Google+ Android App ScreenshotOne feature that did have me going “Wow” was the Google+ app feature that automatically captures and uploads any photos you take on the camera to a private location on the web, and then easily allowing you to share those pictures on Google+. A great way to both backup your snaps and share them.

Again, if you’re a Social Media person, you’ll love Android.

You don’t really need a PC to use this ‘phone, as it sets up out of the box and it’s easy to install apps and run Android updates over the air. However, if you do connect it to a PC then you can browse the device as a drive, or install software to use the PC’s Internet connection from your ‘phone – a useful feature I used whilst avoiding Roaming Data charges in Europe during the test.

Doggcatcher ScreenshotI didn’t play a lot of games on the Android, but there are tons to choose from. Likewise, I only used the Android to listen to Podcasts (using the great Doggcatcher app) and the occasional tune via the integrated FM Radio rather than lots of music, but it was intuitive to use, and I felt comfortable leaving behind my iPod Touch in favour of an all-in-one device like the Sensation.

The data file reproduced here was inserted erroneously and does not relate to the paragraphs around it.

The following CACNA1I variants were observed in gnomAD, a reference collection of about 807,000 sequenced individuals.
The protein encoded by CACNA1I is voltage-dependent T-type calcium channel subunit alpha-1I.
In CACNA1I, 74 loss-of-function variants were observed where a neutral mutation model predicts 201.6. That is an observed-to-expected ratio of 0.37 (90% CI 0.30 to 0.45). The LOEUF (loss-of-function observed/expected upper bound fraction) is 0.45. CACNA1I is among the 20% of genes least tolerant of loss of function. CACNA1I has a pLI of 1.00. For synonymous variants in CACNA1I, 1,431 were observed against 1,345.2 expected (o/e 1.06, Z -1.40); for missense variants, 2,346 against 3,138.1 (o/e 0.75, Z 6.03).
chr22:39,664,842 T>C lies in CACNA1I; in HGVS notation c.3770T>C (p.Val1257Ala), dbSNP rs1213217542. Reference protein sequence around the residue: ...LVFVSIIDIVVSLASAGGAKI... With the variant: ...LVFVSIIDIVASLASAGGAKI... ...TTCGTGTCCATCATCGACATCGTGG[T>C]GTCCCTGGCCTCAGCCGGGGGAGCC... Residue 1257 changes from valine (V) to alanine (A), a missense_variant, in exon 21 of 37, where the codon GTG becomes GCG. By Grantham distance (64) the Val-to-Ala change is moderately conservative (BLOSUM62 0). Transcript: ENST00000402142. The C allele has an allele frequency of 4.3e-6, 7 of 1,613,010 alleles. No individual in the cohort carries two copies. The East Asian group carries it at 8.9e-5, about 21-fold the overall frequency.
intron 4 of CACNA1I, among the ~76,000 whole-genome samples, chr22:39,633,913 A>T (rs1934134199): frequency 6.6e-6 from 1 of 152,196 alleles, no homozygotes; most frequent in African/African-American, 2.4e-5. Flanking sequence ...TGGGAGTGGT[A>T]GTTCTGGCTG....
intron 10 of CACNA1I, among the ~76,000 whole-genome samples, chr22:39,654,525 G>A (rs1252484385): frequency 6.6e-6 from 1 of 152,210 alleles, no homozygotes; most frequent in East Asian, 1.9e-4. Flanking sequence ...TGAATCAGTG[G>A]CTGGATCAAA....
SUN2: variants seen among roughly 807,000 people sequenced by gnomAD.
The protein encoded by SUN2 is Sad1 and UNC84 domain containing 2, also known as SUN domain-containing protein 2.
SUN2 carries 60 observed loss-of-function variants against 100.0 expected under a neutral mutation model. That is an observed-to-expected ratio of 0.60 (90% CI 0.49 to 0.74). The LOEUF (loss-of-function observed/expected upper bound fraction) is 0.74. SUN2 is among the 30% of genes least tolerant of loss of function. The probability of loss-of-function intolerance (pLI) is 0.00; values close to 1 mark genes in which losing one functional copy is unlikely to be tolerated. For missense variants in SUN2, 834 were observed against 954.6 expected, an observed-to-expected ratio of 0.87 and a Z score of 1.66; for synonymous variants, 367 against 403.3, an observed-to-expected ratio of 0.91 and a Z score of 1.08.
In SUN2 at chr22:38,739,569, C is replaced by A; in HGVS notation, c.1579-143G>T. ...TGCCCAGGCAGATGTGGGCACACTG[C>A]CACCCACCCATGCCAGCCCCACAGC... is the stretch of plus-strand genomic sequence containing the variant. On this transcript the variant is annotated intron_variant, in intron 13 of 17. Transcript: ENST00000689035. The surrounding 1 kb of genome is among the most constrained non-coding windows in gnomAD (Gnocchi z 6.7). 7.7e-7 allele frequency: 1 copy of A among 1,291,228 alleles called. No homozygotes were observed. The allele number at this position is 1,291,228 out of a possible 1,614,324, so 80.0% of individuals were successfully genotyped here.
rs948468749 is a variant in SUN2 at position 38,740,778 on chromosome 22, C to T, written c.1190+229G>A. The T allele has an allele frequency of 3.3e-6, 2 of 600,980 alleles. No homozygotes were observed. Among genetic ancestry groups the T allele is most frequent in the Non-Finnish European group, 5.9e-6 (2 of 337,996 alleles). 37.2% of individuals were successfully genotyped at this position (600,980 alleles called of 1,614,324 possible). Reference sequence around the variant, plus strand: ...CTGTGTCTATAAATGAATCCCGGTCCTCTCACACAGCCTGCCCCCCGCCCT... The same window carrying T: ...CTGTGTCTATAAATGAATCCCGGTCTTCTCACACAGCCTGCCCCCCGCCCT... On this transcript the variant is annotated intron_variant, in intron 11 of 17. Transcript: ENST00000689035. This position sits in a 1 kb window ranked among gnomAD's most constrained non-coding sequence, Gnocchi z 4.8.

By this stage you’re probably getting the impression I liked Android. You’d be right. It isn’t as intuitive as iOS, nor does it have the clean style of Windows Phone, and for that reason I didn’t pick up the ‘phone and become instantly “Wowed”. But for every irritation I came across, I found that Android’s customisation ability allowed me to overcome that irritation. What’s more, time and time again I came across instances where I thought “It’d be nice to be able to do this…” and investigation showed that Android allowed me to do that.

You’ll gather I think that Android’s Social Media integration is incredible. I thought iOS was good in this area, but it can’t hold a candle to Android – which offers an amazing choice of options to remain connected and share content.